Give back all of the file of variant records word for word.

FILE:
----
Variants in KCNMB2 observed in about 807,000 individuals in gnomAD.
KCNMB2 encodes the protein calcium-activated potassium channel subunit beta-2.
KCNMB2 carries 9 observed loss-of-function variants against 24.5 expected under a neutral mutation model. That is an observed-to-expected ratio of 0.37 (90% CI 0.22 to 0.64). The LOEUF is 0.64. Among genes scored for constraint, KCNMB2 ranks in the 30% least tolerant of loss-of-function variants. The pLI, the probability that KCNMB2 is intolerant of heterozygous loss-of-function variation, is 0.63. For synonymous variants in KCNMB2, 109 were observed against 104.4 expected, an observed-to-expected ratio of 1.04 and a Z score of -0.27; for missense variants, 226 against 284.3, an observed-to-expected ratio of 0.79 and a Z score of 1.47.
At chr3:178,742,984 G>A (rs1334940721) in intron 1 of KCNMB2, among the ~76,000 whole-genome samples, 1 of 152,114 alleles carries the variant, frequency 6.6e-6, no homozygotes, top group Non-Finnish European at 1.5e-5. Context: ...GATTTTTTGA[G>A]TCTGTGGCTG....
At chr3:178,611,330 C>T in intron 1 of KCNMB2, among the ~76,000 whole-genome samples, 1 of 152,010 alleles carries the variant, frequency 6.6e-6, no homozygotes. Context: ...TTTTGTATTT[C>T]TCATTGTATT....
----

Variants in KCNMB2 observed in about 807,000 individuals in gnomAD.
KCNMB2 encodes the protein calcium-activated potassium channel subunit beta-2.
KCNMB2 carries 9 observed loss-of-function variants against 24.5 expected under a neutral mutation model. That is an observed-to-expected ratio of 0.37 (90% CI 0.22 to 0.64). The LOEUF is 0.64. Among genes scored for constraint, KCNMB2 ranks in the 30% least tolerant of loss-of-function variants. The pLI, the probability that KCNMB2 is intolerant of heterozygous loss-of-function variation, is 0.63. For synonymous variants in KCNMB2, 109 were observed against 104.4 expected, an observed-to-expected ratio of 1.04 and a Z score of -0.27; for missense variants, 226 against 284.3, an observed-to-expected ratio of 0.79 and a Z score of 1.47.
At chr3:178,742,984 G>A (rs1334940721) in intron 1 of KCNMB2, among the ~76,000 whole-genome samples, 1 of 152,114 alleles carries the variant, frequency 6.6e-6, no homozygotes, top group Non-Finnish European at 1.5e-5. Context: ...GATTTTTTGA[G>A]TCTGTGGCTG....
At chr3:178,611,330 C>T in intron 1 of KCNMB2, among the ~76,000 whole-genome samples, 1 of 152,010 alleles carries the variant, frequency 6.6e-6, no homozygotes. Context: ...TTTTGTATTT[C>T]TCATTGTATT....